It’s safe to say taking two wheels into the dirt is a different animal altogether than street riding.
It’s safe to say taking two wheels into the dirt is a different animal altogether than street riding. Getting ready for an all-day ride out on the trails requires a certain amount of preparedness — not too dissimilar from camping. You might find yourself in the middle of nowhere with a flat tire, broken chain or snapped lever, so proactively learning a few skills and packing the right tools and spares beforehand can go a long way.
Short of attending a school like the Pine Barrens Adventure Camp (which you should), jotting these few words of wisdom from PBAC lead instructor Mike Bradway isn’t a bad idea. He’s a 2007 East Coast Enduro Champion, 2000-2007 East Coast Enduro Association Top AA rider and veteran of the 400 mile-plus dual sport ride from LA to Barstow to Vegas, so trust that he knows what he’s talking about.
Exercise your balance. It helps a lot of newer riders and riders who are a little rusty and haven’t ridden in a while. Before you even get on your bike you can practice balancing by standing on one foot on a plank of wood with your eyes closed. That sounds silly but will get you in touch with your inner ear. On your bike, with the kickstand up and in the stand-up adventure riding position, see how long you can keep the bike vertical without putting a foot down. It all comes into play out on the trail, especially when you’re maneuvering through tight single track trails crowded by trees.
Learn to read the trail. You want to be paying attention to what’s further down the trail. It’s a rookie mistake to be looking right at the ground in front of you. You want to keep looking ahead and adjust for what’s coming and if there’s anything unfamiliar, you’ll want to slow down before it, rather than correct when you’re right on top of it. People tend to crash more when they make a sudden and unexpected line change.
If it comes down to stopping and scoping out an obstacle, make sure you take the time to do so. Think that murky mud puddle would be great to ride through at speed? There’s a good chance a couple of Jeeps mad some fender-deep tracks in there and their drivers dropped logs or rocks in to gain traction. In other words, it’s always safer to spot it early and go around if you can, or stop and do a depth check with a long branch.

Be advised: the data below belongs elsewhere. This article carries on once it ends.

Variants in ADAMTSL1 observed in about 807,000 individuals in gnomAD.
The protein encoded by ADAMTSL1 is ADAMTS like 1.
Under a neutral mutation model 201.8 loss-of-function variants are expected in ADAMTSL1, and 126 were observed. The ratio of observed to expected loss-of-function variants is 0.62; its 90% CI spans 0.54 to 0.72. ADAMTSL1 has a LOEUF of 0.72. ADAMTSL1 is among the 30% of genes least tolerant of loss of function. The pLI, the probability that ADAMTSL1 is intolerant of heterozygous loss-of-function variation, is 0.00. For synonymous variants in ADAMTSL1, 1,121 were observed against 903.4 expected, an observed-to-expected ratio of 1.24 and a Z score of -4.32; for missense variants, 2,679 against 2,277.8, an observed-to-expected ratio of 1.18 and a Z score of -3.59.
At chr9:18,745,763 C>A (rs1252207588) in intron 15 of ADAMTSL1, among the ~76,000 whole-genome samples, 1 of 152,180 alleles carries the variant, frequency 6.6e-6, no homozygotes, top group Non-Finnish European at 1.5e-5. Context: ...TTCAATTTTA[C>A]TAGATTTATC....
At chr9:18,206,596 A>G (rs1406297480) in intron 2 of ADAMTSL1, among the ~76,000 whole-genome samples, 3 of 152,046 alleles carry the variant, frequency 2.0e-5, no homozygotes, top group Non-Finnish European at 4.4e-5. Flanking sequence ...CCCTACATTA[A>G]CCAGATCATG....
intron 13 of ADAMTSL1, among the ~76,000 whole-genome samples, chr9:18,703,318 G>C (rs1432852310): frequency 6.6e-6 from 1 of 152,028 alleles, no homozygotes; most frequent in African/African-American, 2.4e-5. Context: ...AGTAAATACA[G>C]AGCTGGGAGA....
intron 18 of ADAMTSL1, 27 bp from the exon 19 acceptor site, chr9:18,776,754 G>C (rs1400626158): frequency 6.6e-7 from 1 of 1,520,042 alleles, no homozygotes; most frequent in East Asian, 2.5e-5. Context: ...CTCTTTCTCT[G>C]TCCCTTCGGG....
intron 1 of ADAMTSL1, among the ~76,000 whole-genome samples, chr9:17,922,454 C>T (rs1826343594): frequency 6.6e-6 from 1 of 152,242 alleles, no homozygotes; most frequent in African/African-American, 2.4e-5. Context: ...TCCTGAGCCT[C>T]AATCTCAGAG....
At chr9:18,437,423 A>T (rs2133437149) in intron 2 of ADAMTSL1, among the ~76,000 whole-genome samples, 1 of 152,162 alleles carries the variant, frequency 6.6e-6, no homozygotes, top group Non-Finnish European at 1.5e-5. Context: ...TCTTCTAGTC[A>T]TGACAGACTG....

Learn to patch a tube and change a tire. It’s important to bring along tire irons and spoons. Flats happen all the time — it’s almost expected — but bring along one or two spare 21-inch tubes, as they can actually be used as either the front or the rear tube replacement.
Pack spares for your spares. Extra nuts and bolts are commonly overlooked but crucial to have on your ‘packed spares’ list. Any nut or bolt for a fairing or wing mirror can shake loose; having the tools and parts to keep your bike in one piece to the end of the ride makes all the difference. Even having an extra master link for your chain can make or break your ride. Then, of course, it’s always smart to have a replacement for the replacement. And when all else fails, duct tape and zip ties are a good last line of defense.
Customize your ergonomics. See if you need bar risers so you’re not hunched over in the adventure riding position. You want to be standing up straight, but with a slight bend in your knees and elbows, in order to keep good control over the bike’s movement. It might even help to have a friend take a picture of you on the bike so you can get a better sense of your riding posture.
Outside of buying aftermarket parts for your bike, making sure you hand and foot controls are properly positioned can play a big part in rider endurance. Angling your clutch and front brake lever down reduces stress on your wrists so they’re not cracked back when standup riding. Likewise, positioning your foot controls to better suit standup riding as well as accommodate the extra bulk from your boots will earn you a lot more confidence and control out on the trail.
I have a three-day, off-road 500-mile ride later this month, through New Jersey’s 1.1 million acres worth of dense forest, but first I’m on the edge of Wharton State Forest ready to learn dirt-riding 101. Read the Story